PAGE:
A man drove all night long. Upon arriving in a small community, he decided to stop in the local park and catch some shuteye.
Just as he dozed off, there was a knock on the window. Outside the car, the man saw a jogger. “Excuse me, can you give me the time?”
“Yeah, sure. It’s 6:27.”
The man settled back and was almost asleep when there was another knock on the window. Another jogger.
“I’m sorry to disturb you. Do you have the time?”
“Yeah. It’s 6:34.”
The man rolled up the window and realized this could go on indefinitely. So he made a sign that read: “I DO NOT KNOW THE TIME”. He stuck the sign in the window and again nestled himself back in the seat. Then… yet another tap on the window. The man looked and sure enough, another jogger.
He disgustedly rolled down the window and said, “Yeah, what is it?”
The jogger replied, “It’s 6:42.”

Tipping point for space junk

Earth's orbit is now so dirty that officials might have to clean it with unique tech tricks.

Shocking break off glacier

Scientists are shocked to see a block of ice four times the size of Manhattan has split off near Greenland. 



Man faces 75 years for recording police

42-year-old Michael Allison of Illinois could spend the rest of his life in prison for recording police in public. He faces five counts of eavesdropping, a class one felony. Of course, the police are allowed to video people in public with impunity.
The Illinois Assistant Attorney General has joined the case and told the judge that citizens do not have the constitutional right to record police.
Law enforcement officials need to get a clue! They are being watched and recorded and if they commit a crime they will do the time!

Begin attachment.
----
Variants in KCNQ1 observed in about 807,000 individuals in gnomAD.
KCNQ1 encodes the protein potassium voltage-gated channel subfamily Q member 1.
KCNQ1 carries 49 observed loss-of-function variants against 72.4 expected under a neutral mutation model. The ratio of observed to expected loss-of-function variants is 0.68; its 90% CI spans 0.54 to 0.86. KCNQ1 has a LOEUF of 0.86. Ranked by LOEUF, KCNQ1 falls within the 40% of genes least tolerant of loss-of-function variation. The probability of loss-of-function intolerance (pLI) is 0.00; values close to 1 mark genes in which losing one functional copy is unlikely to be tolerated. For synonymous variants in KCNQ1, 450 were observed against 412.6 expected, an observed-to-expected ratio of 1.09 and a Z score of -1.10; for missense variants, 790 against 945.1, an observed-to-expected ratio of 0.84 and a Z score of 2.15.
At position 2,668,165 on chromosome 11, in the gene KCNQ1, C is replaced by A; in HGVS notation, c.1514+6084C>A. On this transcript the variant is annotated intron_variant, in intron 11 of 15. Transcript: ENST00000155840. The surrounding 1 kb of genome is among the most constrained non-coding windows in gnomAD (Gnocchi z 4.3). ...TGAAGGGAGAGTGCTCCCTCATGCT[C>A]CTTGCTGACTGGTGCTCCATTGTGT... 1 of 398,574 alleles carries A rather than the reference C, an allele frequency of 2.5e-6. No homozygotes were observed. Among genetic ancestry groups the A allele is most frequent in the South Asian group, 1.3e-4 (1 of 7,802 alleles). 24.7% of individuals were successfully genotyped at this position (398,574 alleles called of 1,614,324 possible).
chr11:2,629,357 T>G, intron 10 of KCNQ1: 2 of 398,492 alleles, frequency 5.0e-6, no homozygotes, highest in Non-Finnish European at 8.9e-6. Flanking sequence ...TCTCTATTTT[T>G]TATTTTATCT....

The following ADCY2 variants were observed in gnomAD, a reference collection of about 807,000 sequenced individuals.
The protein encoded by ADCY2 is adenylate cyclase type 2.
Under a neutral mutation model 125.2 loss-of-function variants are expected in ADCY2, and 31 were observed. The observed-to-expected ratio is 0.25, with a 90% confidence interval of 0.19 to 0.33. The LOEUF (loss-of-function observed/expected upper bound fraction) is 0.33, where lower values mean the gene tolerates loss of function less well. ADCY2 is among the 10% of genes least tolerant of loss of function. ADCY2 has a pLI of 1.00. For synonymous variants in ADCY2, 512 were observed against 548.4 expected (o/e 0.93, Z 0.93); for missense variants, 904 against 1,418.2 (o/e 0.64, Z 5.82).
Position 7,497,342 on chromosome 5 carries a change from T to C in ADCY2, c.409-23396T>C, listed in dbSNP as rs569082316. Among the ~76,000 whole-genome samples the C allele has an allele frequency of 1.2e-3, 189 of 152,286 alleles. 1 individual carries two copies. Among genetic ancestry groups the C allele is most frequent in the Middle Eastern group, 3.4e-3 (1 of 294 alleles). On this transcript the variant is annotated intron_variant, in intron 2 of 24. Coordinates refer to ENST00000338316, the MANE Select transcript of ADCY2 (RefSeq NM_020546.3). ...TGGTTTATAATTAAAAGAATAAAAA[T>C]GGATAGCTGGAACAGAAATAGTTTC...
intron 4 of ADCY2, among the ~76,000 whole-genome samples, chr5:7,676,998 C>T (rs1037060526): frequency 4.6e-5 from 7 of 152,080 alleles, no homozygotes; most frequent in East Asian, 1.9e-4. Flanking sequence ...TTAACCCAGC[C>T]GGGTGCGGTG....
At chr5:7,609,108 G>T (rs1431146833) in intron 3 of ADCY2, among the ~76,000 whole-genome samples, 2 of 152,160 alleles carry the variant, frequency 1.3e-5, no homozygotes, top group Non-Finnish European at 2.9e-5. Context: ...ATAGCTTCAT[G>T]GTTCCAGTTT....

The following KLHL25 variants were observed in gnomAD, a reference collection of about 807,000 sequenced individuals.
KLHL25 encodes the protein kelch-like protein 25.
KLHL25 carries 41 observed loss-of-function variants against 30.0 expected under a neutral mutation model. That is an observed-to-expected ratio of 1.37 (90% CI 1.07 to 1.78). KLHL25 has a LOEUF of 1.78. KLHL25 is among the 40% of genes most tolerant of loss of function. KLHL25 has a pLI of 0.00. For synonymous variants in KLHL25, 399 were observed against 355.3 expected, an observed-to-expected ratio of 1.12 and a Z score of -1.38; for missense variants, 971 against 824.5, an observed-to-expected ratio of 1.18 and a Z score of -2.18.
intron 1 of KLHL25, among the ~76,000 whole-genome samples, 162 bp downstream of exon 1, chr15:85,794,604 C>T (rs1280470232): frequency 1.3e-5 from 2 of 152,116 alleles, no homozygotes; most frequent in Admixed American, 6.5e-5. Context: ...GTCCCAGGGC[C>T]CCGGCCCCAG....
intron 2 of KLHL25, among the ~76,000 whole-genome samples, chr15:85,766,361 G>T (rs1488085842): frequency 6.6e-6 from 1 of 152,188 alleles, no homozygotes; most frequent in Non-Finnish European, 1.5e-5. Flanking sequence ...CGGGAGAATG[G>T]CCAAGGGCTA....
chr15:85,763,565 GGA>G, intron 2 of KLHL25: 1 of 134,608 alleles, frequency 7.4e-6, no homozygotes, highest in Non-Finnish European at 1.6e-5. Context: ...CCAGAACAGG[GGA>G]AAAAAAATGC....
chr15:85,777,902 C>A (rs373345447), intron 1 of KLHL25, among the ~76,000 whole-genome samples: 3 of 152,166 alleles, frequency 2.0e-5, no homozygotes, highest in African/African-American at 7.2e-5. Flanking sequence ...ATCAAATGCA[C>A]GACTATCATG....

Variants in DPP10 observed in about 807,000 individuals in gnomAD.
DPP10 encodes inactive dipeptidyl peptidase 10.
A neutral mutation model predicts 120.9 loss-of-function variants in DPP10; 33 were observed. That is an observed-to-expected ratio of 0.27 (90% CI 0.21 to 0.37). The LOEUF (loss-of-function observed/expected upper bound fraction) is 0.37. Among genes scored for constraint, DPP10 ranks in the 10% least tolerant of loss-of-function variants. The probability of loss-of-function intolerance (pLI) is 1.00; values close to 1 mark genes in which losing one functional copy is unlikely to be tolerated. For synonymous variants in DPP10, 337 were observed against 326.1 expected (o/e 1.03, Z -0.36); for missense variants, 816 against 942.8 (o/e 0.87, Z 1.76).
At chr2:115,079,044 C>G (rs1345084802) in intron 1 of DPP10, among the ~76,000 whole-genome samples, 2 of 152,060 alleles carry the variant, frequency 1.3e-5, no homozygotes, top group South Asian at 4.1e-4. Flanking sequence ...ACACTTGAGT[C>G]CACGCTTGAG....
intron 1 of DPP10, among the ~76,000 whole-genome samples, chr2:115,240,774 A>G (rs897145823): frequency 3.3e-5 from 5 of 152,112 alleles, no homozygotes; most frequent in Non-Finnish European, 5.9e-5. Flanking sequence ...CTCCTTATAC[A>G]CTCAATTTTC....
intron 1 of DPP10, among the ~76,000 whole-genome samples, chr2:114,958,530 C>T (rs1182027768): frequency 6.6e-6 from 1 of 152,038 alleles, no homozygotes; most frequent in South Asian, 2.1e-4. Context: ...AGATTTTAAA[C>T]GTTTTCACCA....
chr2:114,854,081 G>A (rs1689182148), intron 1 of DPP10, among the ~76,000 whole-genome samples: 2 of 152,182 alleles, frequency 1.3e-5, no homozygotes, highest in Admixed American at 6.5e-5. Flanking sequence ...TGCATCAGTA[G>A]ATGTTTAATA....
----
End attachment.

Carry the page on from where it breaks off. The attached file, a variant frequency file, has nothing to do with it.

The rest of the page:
Libya must deal with Lockerbie bomber

U.S. Secretary of State Hillary Rodham Clinton told Libyan opposition leaders Thursday that they must deal with the case of the only person convicted in the 1988 Lockerbie bombing and that the U.S. will be watching closely how they handle it.

Man in court after reporting theft of cannabis plants from home

A man is facing jail after he reported the theft of cannabis plants from his own home. Police were called to David Williamson's home to investigate reports that he had been assaulted and robbed. But Williamson made a hash of things by volunteering that the stolen property was two of his prized cannabis plants. Officers then got a warrant to search the 34-year-old's Edinburgh home and discovered a further 20 plants.

The robbery victim was then arrested and taken to a police cell, Edinburgh Sheriff Court heard. Williamson admitted producing a controlled drug at his Sighthill home in May this year. Fiscal depute Dev Kapadia said the circumstances leading to Williamson's arrest were "rather bizarre". He added: "The police had received an anonymous call reporting a disturbance. And when they arrived at the scene Williamson talked to the police. He said he had been the subject of an assault and robbery and some cannabis plants had been stolen from him.

"Police officers then took the view that there may be some production ongoing and obtained a warrant." Mr Kapadia said 20 plants, some seedlings and cultivating equipment were recovered in his home. His lawyer offered no explanation for Williamson's unprompted confession to the police who went to his home. But he revealed his client, who suffers from Hepatitis C, was an authority on cannabis.

He said: "During the course of the interview with police my client demonstrated a remarkably detailed knowledge of cannabis - the different strains and the different purposes to which it could be put. Mr Williamson discovered that if he grew a particular strain he could suppress the Hepatitis C. His position is that when he is given the opportunity to do so he is hoping to live ln Holland, where all these activities are lawful and where he can treat himself without breaking the law." Sheriff Isabella McColl deferred sentence for reports until next month.

Ned Kelly has been found

Authorities identify the headless remains of notorious bandit Ned Kelly after more than 130 years.

Awesome Pictures


Five top online degrees

Completing one of these five bachelor's programs can help you change direction.